Just one day after we celebrated the birthday of the greatest Civil Rights leader in American history, we have occasion to honor another hero of that movement, Muhammad Ali. Ali turns 70 today, and while his health has diminished, his impact is everlasting. My most recent memory of the great man is from almost two full years ago, when a people from a far off country found themselves visited by terrible tragedy, the horror of the earthquake in Haiti.
There were many moments worth remembering during the multi-network broadcast of the Haiti Earthquake Relief Telethon hastily put together by George Clooney on Friday, January 22nd, 2010. The soul-stirring performances by Mary J. Blige, Coldplay, Bruce Springsteen and many others were very moving, and the stories of the Haitian people’s tragedy, despair, and hope delivered by a bevy of celebrities were even more so. But the moment that affected me most was the sight of Chris Rock and a drawn, disabled man who the comedian spoke for while holding his hand. That man was Muhammad Ali.
Even though I have been keenly aware of his ongoing struggles with Parkinson’s Disease, the sight of him in such a state was terribly unnerving. There are few things in life more sadly ironic than that of a broken down athlete. The betrayal of a body that was once so lithe and dexterous is truly cruel, and in Ali’s case more so than most. Back in his 60′s prime, Ali was a vision of athletic grace. A heavyweight boxer with lightning fast hands, an even faster mouth, and balletic feet, his gifts were staggering. But it’s all gone now, taken away by one of the nastiest diseases known to man. He has been robbed not only of his physical mobility, but that of his communicative ability as well.
This is, of course, not the Ali I grew up with. When I was a kid in the 70′s, everyone I went to school with loved Muhammad Ali. The same wasn’t necessarily true of our parents. I can vividly recall coming home on a weekend night in 1978 and seeing my former alcoholic step father sitting two feet away from the television taking great pleasure in Ali losing to the unheralded Leon Spinks (a loss he would avenge 7 months later). “This guy’s beating that draft dodger,” he cackled. He also uttered some racial epithets that I will not share here. He was overjoyed, I was heartbroken.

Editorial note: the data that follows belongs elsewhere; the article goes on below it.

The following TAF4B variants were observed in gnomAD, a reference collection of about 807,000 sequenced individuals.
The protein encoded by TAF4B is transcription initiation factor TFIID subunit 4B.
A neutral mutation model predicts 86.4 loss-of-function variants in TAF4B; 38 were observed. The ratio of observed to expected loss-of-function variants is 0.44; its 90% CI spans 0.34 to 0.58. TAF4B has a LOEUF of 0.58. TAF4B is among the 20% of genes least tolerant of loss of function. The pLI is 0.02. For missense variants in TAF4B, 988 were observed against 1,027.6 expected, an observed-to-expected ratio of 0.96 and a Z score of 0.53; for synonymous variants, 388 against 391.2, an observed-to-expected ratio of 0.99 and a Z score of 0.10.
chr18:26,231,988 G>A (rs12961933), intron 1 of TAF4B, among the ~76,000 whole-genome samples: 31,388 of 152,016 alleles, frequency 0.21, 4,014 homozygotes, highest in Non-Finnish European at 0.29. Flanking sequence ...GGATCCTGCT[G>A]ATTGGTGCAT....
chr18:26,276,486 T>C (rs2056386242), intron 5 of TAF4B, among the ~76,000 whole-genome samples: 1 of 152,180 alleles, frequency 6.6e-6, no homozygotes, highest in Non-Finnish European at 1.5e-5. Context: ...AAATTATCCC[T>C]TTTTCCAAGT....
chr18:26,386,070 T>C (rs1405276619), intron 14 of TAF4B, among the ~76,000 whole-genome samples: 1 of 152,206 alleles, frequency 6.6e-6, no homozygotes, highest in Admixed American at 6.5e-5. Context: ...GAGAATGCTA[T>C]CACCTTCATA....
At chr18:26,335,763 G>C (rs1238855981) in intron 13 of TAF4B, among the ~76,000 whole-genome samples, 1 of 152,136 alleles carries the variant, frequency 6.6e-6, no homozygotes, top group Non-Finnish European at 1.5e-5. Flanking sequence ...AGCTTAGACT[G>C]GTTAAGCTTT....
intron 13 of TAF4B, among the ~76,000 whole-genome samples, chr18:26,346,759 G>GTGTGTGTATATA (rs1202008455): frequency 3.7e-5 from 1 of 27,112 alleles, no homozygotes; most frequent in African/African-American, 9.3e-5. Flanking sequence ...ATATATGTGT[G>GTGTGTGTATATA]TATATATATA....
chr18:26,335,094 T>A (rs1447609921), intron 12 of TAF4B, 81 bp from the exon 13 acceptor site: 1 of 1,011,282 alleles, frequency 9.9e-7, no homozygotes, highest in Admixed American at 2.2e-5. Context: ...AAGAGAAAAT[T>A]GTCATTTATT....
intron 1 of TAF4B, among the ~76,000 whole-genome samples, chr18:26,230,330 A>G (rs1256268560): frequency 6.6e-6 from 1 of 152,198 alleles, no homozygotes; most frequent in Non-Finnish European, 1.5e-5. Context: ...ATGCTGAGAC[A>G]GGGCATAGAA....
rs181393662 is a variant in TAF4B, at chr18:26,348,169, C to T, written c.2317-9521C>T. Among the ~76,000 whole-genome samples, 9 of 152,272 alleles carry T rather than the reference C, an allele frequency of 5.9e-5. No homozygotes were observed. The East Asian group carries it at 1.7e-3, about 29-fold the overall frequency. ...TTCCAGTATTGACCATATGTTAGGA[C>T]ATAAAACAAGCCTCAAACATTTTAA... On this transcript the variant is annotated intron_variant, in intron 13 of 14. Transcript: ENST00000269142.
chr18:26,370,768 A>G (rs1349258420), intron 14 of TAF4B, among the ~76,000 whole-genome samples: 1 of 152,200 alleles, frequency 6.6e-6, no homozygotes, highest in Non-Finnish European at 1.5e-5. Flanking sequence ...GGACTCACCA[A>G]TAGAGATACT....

My bigoted, drunken step father (and I’m using the word father in the loosest of terms) was hardly the only one who felt this way. Many people (mostly white) hated him for changing his name from Cassius Clay and joining the Black Muslims led by Malcolm X and Elijah Muhammad out of New York. Even worse, they despised him for “dodging” the draft during the Vietnam War. Which wasn’t even true, he didn’t flee to Canada or go underground. No, he stayed right here and attempted to exercise his rights as a conscientious objector. This incensed white folks to no end. They called him a traitor, a coward, and worse. The United States Government illegally stripped him of his heavyweight title and made it virtually impossible for him to earn a living as a boxer. During the controversy, he infamously stated, “I ain’t got no quarrel with the Viet Cong.” However, that quote only scratched the surface of his protest.
Here was a man who was good enough to win a Gold Medal at the 1960 Olympics in Rome for his country, but then came back home to Kentucky and couldn’t drink from the same fountains or eat at the same restaurants as white people. He took that Gold Medal and threw it in the Ohio River. Then, a nation that did not provide him with equal rights, had the temerity to demand that he fight for a country that would not stand up for him. So, at great personal, financial, and professional risk, he said “no.” He did this even though he would have probably never even seen any combat. He was offered the same opportunity by the U.S. Government that Joe Louis received. Yes, he would be drafted and wear a military uniform, but like Louis, he would become a morale booster not a soldier. He could have (as Louis did) simply toured military bases as a glorified good will ambassador, cheering troops and performing exhibitions. Still, he said “no.” He could not be bought.
Four years went by before the Supreme Court stepped in and restored his right to box, and his peak years went with it. The Ali that emerged from exile was neither as quick or as sharp as the younger version who dominated the heavyweight division. Oh, he was still great, but he won as much with will as he did with skill. This meant taking more punches than he did in his prime. His brutal trilogy with Joe Frazier and the terrible beating he took from Larry Holmes in his next to last fight exacted an awful toll on his body. His speech and athletic prowess were noticeably impacted by the time he stopped boxing. And it was only a couple of years after his retirement that he was diagnosed with Parkinson’s. A disease that would eventually rob him of so many basic functions.
However, as time went on, these trials with the Government, society, his health and in the ring performed an interesting function–they humanized him. Most people either came to realize that he was right about Vietnam, or simply let it go. And as his body broke down, his spirit and true nature lifted him up. His warm heart and acts of kindness (particularly towards children) softened all but the hardest of hearts. He became a sympathetic and even revered figure. Today, he is almost universally beloved.